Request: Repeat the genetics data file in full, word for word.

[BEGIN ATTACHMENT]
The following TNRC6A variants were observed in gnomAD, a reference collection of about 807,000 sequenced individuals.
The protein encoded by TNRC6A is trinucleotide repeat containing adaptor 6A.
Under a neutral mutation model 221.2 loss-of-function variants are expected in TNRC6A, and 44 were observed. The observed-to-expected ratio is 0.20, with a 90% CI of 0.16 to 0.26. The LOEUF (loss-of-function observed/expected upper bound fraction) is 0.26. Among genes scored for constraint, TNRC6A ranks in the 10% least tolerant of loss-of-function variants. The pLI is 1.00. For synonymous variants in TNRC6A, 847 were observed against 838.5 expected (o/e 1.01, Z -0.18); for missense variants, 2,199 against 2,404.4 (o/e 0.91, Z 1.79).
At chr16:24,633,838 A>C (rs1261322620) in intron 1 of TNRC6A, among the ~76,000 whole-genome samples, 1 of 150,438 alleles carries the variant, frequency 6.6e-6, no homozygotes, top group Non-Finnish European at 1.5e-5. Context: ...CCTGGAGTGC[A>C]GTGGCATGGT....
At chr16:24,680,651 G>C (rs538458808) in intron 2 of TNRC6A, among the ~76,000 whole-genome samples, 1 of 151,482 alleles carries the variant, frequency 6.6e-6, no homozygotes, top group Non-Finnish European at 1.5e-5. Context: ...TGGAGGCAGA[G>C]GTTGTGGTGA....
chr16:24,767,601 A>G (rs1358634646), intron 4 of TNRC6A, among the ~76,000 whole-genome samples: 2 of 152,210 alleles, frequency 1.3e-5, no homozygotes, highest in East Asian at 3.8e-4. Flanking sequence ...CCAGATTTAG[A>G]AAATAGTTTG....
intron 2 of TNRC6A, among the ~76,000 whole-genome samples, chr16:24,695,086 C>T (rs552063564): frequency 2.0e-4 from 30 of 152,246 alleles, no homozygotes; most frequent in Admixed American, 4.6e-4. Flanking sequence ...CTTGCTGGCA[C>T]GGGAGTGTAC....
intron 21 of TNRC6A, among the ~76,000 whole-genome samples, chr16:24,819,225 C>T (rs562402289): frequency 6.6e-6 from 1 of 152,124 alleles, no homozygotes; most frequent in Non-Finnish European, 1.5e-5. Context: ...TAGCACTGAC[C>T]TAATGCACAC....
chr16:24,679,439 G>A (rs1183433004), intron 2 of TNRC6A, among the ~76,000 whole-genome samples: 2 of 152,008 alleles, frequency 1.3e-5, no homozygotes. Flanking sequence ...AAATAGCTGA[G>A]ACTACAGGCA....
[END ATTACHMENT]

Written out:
The following TNRC6A variants were observed in gnomAD, a reference collection of about 807,000 sequenced individuals.
The protein encoded by TNRC6A is trinucleotide repeat containing adaptor 6A.
Under a neutral mutation model 221.2 loss-of-function variants are expected in TNRC6A, and 44 were observed. The observed-to-expected ratio is 0.20, with a 90% CI of 0.16 to 0.26. The LOEUF (loss-of-function observed/expected upper bound fraction) is 0.26. Among genes scored for constraint, TNRC6A ranks in the 10% least tolerant of loss-of-function variants. The pLI is 1.00. For synonymous variants in TNRC6A, 847 were observed against 838.5 expected (o/e 1.01, Z -0.18); for missense variants, 2,199 against 2,404.4 (o/e 0.91, Z 1.79).
At chr16:24,633,838 A>C (rs1261322620) in intron 1 of TNRC6A, among the ~76,000 whole-genome samples, 1 of 150,438 alleles carries the variant, frequency 6.6e-6, no homozygotes, top group Non-Finnish European at 1.5e-5. Context: ...CCTGGAGTGC[A>C]GTGGCATGGT....
At chr16:24,680,651 G>C (rs538458808) in intron 2 of TNRC6A, among the ~76,000 whole-genome samples, 1 of 151,482 alleles carries the variant, frequency 6.6e-6, no homozygotes, top group Non-Finnish European at 1.5e-5. Context: ...TGGAGGCAGA[G>C]GTTGTGGTGA....
chr16:24,767,601 A>G (rs1358634646), intron 4 of TNRC6A, among the ~76,000 whole-genome samples: 2 of 152,210 alleles, frequency 1.3e-5, no homozygotes, highest in East Asian at 3.8e-4. Flanking sequence ...CCAGATTTAG[A>G]AAATAGTTTG....
intron 2 of TNRC6A, among the ~76,000 whole-genome samples, chr16:24,695,086 C>T (rs552063564): frequency 2.0e-4 from 30 of 152,246 alleles, no homozygotes; most frequent in Admixed American, 4.6e-4. Flanking sequence ...CTTGCTGGCA[C>T]GGGAGTGTAC....
intron 21 of TNRC6A, among the ~76,000 whole-genome samples, chr16:24,819,225 C>T (rs562402289): frequency 6.6e-6 from 1 of 152,124 alleles, no homozygotes; most frequent in Non-Finnish European, 1.5e-5. Context: ...TAGCACTGAC[C>T]TAATGCACAC....
chr16:24,679,439 G>A (rs1183433004), intron 2 of TNRC6A, among the ~76,000 whole-genome samples: 2 of 152,008 alleles, frequency 1.3e-5, no homozygotes. Flanking sequence ...AAATAGCTGA[G>A]ACTACAGGCA....